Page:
A.J. Cole posts solid outing against Braves
A.J. Cole walked purposely off the pitcher’s mound and glanced briefly at the Nationals bullpen, holding his glove in his right hand as he approached the first-base dugout.
The Washington right-hander accepted congratulations from coaches and teammates with one out in the top of the sixth inning Wednesday afternoon, his day finished after allowing a walk to Nationals nemesis Freddie Freeman.
Cole, 26, replaced by lefty reliever Matt Grace, may have been pitching for his spot as the No. 5 starter in a talented Nationals rotation. After being bombed for 10 runs in less than four innings April 2 by the Braves, the Florida native responded by allowing just two solo homers in 5 and 1/3 innings against Atlanta.
“I just went out with a game plan,” Cole said of his bounce-back outing. “I worked on stuff I needed to work on.”
In all he gave up three hits with five strikeouts and two walks while throwing 76 pitches 47 for strikes in a game eventually won by the Braves 5-3 in 12 innings at Nationals Park.
“I felt pretty good. Today was pretty good; just two (bad) pitches,” said Cole, wearing a light T-shirt and jeans with a silver necklace while standing near his locker. “Solo home runs ... they are not devastating. They are not (as bad as) three-run homers.”
The Nationals were so enamored with young pitcher Cole that they took steps to acquire him not once but twice in less than three years.
He was drafted in the fourth round out of high school in 2010, turning down a chance to play at Division I power Miami.
“A special arm for a high school kid,” said Paul Menhart, the minor league pitching coordinator for the Nationals. “A unique advanced (approach) to command his fastball.”
Cole was traded to the Oakland A’s after the 2011 season but then came back to the Nationals in a deal before the 2013 campaign.
“One thing we always loved about A.J. and part of the reason we got him back was his no-pulse attitude on the mound,” Menhart told The Washington Times on Wednesday before his start. “You never know what the score was when he pitched. Some could construe that as not caring. But he has a unique ability to slow the game down.”
Cole made his big league debut with Washington in 2015, pitching in three games with one start and posting an ERA of 5.79.
He spent most of 2016 with Triple-A Syracuse but also made eight starts for Washington, going 1-2 with a 5.17 ERA. The Florida native pitched in 11 games, with eight starts, last year for the Nationals and was 3-5, 3.81.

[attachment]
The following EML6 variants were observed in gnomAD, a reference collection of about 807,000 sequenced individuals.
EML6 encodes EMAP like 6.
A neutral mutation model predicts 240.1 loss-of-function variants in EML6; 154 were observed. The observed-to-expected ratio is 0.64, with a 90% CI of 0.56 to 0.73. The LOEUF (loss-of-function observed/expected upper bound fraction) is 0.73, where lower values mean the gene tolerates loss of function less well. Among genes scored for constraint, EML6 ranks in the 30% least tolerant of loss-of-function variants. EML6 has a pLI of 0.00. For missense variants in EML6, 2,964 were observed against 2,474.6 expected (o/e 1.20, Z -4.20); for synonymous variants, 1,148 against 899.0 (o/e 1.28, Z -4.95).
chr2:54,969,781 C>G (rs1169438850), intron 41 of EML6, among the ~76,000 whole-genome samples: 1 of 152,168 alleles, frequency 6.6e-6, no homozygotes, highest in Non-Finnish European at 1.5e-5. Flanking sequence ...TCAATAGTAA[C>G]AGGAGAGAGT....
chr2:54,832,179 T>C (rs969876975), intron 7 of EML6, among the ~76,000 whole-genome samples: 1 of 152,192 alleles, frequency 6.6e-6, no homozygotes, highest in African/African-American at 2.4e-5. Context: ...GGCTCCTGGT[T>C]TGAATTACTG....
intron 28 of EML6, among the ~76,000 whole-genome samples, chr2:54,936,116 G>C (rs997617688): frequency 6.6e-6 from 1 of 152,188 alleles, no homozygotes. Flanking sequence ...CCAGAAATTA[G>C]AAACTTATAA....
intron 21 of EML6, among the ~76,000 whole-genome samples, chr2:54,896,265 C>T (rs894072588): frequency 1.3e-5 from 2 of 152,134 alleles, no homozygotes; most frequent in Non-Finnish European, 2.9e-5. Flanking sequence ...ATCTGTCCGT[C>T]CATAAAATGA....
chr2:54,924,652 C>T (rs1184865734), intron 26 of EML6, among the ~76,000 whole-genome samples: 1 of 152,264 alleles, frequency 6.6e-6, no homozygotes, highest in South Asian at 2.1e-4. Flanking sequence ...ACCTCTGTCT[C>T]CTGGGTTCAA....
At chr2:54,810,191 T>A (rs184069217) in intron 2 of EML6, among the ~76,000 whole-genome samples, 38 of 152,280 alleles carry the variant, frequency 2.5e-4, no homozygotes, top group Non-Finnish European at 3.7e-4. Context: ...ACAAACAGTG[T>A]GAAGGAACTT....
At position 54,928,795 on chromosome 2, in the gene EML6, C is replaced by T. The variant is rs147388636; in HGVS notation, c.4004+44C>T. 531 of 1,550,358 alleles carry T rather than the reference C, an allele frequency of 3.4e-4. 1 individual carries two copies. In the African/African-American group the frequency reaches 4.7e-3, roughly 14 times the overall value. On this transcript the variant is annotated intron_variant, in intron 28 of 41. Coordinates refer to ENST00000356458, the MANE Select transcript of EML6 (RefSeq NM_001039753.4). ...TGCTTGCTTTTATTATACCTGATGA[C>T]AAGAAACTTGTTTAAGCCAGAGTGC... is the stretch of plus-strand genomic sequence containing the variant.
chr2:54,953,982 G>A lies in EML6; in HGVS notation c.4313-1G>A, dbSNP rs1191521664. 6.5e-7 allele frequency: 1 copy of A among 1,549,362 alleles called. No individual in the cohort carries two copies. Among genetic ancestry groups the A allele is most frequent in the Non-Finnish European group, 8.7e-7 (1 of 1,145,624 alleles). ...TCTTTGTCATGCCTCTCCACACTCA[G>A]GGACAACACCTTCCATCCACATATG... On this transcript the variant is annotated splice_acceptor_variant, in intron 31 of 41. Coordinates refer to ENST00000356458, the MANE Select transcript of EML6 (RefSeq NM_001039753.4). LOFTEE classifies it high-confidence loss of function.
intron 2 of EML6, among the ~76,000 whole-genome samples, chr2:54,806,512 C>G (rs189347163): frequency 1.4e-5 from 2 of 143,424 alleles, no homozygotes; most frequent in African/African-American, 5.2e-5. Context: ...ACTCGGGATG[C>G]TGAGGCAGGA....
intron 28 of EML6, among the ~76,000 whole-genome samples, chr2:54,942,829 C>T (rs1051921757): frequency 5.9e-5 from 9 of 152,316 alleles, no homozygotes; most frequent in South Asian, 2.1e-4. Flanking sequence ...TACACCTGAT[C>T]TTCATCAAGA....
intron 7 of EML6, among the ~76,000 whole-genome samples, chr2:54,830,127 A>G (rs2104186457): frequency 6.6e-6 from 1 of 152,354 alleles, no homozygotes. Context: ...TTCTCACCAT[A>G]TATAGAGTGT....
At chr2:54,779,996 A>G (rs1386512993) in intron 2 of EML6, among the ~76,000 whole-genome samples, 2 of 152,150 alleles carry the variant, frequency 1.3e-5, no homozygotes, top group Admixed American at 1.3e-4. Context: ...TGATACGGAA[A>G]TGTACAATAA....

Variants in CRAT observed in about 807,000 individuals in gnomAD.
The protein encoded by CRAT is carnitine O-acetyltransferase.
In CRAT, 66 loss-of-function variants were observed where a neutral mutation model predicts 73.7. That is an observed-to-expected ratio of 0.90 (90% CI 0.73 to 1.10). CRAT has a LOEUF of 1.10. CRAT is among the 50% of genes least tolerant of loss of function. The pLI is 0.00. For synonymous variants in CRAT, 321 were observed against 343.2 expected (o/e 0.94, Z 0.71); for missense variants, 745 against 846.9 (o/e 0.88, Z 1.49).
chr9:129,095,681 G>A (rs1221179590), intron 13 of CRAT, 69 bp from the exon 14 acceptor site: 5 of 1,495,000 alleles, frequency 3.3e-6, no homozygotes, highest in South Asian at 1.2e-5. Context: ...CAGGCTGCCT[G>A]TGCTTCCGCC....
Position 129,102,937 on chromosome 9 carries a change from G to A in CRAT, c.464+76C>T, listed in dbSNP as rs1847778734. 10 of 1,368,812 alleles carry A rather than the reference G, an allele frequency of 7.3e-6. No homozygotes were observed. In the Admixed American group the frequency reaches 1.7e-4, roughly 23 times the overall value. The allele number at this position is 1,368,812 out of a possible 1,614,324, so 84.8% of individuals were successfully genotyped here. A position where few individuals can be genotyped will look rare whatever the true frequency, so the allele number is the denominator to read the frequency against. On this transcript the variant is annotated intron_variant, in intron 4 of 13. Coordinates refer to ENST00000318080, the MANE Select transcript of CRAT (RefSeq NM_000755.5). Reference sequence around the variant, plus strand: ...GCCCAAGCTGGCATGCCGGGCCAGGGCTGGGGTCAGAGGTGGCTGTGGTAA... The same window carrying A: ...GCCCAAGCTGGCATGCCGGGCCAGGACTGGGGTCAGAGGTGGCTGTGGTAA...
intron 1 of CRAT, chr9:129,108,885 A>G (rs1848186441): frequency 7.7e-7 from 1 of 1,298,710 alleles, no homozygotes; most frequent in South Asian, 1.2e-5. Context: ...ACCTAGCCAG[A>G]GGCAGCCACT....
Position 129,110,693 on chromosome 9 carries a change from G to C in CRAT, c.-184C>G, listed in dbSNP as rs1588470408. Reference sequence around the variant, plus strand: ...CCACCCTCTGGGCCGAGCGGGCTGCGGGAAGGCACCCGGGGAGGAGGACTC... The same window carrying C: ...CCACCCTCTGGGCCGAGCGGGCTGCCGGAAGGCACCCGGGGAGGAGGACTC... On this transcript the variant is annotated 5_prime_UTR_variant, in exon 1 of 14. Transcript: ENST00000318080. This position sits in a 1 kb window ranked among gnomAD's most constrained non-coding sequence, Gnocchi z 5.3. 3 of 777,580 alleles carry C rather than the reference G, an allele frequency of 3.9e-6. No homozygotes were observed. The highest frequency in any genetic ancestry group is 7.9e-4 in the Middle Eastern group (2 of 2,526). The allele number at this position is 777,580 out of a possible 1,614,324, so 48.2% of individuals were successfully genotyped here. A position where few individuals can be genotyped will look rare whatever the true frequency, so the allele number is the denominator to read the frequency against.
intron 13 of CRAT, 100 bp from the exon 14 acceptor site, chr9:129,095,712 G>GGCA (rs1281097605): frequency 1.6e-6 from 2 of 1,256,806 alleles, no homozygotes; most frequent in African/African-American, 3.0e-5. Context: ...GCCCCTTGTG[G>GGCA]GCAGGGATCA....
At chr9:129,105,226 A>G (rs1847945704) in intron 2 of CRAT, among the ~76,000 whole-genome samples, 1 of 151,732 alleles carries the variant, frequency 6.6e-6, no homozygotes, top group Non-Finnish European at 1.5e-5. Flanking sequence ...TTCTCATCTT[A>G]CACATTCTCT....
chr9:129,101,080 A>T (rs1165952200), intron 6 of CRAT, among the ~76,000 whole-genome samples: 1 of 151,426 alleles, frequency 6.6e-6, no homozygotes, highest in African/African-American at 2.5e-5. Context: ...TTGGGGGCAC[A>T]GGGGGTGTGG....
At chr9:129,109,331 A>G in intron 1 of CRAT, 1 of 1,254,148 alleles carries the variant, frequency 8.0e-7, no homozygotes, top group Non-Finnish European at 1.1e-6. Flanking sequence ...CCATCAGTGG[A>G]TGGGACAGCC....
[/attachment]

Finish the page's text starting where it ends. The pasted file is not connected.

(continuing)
Cole could be moved to the bullpen by the Nationals at some point this season.
Other possible starters for Washington include veteran right-hander Jeremy Hellickson, who was signed late in spring training and has been pitching in Florida to prepare for a possible summons to Washington.
Another option is young righty Erick Fedde, who threw five scoreless innings Saturday while allowing four hits for Triple-A Syracuse.
Former big league pitcher Menhart was the pitching coach for Double-A Harrisburg in 2013 when Cole spent part of that season in the Eastern League. The two were also together at Triple-A Syracuse the following yearwhen Menhart was the pitching coach of the Chiefs.
Cole came up through the minors as a starter and has had to pitch out of the bullpen at times in the majors.
“It is a tough position to be in,” Menhart said. “What have you done for me lately; (you) learn on the fly so to speak.”
Craig Stammen is one pitcher who made the adjustment, Menhart noted of the former Washington pitcher now with San Diego. Stammen came up through the Washington system as a starter and then became a key member of the Nationals bullpen before an injury stalled his career in D.C.
Cole didn’t get the win Wednesday but he may havedelayed a possible move to the bullpen.The soft-spoken Florida resident had one of his best outings since he went a career-high seven innings in a start in Baltimore two years ago.
The lanky righty walked out of the Nationals clubhouse late Wednesday afternoon, with a backpack over one shoulder and a jacket over the other. For now he may be around for at least one more start.
“He pitched really well; attacking the strike zone,” said first-year manager Dave Martinez, who didn’t speculate on his status. “We talk with him about that all of the time. He is learning; that is good.”